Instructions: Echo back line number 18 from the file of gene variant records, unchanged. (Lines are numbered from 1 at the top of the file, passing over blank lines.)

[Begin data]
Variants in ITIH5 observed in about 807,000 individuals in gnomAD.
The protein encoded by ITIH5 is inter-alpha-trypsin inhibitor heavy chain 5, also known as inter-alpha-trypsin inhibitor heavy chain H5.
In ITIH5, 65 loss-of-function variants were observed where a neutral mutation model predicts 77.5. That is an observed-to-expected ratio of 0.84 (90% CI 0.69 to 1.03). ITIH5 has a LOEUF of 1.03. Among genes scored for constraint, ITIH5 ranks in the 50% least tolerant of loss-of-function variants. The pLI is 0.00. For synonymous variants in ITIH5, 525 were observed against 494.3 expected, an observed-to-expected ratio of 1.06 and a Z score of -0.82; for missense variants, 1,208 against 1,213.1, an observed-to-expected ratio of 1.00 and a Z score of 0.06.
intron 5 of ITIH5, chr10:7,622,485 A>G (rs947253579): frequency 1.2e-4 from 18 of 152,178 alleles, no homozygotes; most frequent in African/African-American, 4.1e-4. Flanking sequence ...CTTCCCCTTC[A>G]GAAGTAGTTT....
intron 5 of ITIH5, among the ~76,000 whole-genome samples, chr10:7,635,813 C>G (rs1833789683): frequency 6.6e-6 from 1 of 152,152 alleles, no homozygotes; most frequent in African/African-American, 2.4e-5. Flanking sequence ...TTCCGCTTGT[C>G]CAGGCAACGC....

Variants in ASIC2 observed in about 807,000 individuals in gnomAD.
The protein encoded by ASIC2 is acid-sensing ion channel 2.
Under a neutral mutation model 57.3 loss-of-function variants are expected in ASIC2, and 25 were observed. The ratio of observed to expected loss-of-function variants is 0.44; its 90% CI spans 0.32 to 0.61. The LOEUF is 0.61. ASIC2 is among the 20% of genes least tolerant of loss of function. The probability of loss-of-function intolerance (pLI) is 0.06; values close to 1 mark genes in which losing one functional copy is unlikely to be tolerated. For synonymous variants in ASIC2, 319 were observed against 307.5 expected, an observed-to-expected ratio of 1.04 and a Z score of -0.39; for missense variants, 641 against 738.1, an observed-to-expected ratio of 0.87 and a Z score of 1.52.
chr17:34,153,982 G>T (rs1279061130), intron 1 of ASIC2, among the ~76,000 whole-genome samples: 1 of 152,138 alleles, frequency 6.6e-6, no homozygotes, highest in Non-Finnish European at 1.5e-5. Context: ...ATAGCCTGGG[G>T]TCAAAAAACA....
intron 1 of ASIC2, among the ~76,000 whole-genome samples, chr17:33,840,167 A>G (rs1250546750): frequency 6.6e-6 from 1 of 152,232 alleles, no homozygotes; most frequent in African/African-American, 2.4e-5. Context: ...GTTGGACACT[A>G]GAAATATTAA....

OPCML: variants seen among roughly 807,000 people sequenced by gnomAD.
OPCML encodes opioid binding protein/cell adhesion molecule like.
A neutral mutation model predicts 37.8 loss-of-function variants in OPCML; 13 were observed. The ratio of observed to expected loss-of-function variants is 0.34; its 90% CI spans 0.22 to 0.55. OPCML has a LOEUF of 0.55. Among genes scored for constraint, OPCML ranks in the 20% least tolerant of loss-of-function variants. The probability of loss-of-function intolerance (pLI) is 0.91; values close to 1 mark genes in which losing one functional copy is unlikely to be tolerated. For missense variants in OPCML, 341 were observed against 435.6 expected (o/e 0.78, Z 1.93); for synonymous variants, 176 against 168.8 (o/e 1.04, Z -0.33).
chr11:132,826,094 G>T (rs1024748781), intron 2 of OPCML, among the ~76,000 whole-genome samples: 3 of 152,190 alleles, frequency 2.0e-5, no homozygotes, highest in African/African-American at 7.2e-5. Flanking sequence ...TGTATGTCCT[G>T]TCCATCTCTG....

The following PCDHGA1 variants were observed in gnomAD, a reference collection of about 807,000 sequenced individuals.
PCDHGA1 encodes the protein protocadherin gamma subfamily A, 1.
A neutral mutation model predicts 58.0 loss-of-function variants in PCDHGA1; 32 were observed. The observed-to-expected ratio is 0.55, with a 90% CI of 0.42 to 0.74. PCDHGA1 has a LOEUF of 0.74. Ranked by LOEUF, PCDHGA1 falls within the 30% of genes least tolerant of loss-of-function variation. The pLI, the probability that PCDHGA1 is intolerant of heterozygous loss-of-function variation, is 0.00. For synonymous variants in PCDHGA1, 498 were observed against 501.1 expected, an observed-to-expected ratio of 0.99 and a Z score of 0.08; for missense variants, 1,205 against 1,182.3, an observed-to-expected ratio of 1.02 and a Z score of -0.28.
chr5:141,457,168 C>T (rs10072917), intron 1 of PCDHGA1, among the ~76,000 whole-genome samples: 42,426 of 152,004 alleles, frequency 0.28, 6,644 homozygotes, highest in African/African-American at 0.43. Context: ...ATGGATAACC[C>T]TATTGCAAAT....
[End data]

chr5:141,457,168 C>T (rs10072917), intron 1 of PCDHGA1, among the ~76,000 whole-genome samples: 42,426 of 152,004 alleles, frequency 0.28, 6,644 homozygotes, highest in African/African-American at 0.43. Context: ...ATGGATAACC[C>T]TATTGCAAAT....